Wednesday, July 27, 2011

The Light's Witness

There was a man sent from God, whose name was John.
The same came for a witness, to bear witness of the Light,
that all men through him might believe. John 1:6-7

The forerunner, John the Baptist, is here introduced. As Elijah was the prophet of God in the midst of an apostate Israel, even so is John, in the midst of a self-righteous nation, in a time when keeping the Law was taught as the means of obtaining eternal life. John came in the power and spirit of Elijah (Luke 1:17), but he was not Elijah himself (Matt. 17:11-12, John 1:21). Elijah will appear in person someday and fulfill in full the ministry which God has for him (Mic. 4:5-6, Matt. 17:11). The text reads, "There was a man sent from God...." If one was not concerned with smoothness, it could be said this way, "A man came into being which had been sent out from the side of God...." Long before John's birth, God had already purposed to make this man His messenger. We are reminded here of God's words to Jeremiah. "Then the word of the LORD came unto me, saying, Before I formed thee in the belly I knew thee; and before thou camest forth out of the womb I sanctified thee, and I ordained thee a prophet unto the nations (Jer. 1:4-5)." Who is like God, which has the power to call men from the womb to a certain ministry? John was indeed a unique individual. The Bible tells us that he was filled with the Holy Ghost from his mothers womb (Luke 1:15). Long before John was even old enough to understand, out from the heart of God he came. The word rendered sent from is apostello and it means to send out with a message. This man was God's specific messenger. Unlike many liscentious and power hungry men of today who call themselves "God's messenger," John had God's stamp of approval. "The same came for a witness, to bear witness of the Light, that all men through him might believe." The Light spoken of here is the specific Light of Christ. Christ is the Light and John was His witness, to prepare the hearts of people with a message of repentance. It says that the purpose of John's witness was so that all men though him (John) might believe. Here we see the heart of God in that He desires every man, woman, and child to be saved from the depths of hell. Hell was never intended for people but rather for the devil and his angels (Matt. 25:41). Over and over in Scripture God declares that He has no pleasure in the death of the wicked. "Say unto them, As I live, saith the Lord GOD, I have no pleasure in the death of the wicked.... (Ez. 33:11)." "The Lord is not slack concerning his promise, as some men count slackness; but is longsuffering to us-ward, not willing that any should perish, but that all should come to repentance (II Pet. 3:9)." The verb rendered might believe is in the subjunctive mood. This mood expresses potential and not necessarily reality. All men are created with an ability to believe, but the truth is, we must choose whether or not we will. God desires all to be saved, but He will force no man. Praise the Lord that He chose John to be such a faithful witness long before John even knew about it, and praise God that many Jewish souls were given the message of repentance and were prepared for faith in the Messiah!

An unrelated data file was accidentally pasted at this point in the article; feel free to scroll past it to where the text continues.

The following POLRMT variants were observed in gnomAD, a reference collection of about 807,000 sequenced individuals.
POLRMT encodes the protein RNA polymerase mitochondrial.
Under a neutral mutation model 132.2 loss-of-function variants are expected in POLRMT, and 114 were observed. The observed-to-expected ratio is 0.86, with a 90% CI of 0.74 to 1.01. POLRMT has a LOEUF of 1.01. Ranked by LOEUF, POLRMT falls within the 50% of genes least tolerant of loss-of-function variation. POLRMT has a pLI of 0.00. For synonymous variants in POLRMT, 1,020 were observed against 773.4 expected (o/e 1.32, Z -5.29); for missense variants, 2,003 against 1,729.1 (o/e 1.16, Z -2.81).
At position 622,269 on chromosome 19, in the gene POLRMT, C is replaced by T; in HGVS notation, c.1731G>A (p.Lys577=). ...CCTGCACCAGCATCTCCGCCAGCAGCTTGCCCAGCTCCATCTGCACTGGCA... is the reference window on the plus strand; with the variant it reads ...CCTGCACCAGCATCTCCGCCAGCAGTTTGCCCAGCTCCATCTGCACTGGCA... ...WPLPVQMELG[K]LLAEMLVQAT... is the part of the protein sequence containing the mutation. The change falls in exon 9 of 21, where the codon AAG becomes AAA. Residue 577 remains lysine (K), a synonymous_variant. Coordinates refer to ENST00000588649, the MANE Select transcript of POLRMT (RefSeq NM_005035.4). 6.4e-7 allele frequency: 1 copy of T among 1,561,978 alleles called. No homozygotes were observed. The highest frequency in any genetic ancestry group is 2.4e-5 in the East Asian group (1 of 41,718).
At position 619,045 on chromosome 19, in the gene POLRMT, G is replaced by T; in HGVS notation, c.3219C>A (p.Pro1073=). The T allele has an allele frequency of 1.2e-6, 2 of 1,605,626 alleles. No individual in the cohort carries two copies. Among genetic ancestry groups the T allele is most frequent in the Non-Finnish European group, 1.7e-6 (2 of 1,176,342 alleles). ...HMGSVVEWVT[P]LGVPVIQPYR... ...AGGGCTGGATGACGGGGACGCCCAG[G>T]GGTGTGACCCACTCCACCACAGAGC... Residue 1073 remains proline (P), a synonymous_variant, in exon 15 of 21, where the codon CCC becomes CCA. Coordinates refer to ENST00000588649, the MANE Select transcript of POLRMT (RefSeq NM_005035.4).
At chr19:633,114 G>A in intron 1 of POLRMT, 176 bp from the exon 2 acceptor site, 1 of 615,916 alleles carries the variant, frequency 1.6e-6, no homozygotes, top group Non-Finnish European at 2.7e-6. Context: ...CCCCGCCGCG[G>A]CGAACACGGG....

Monday, July 11, 2011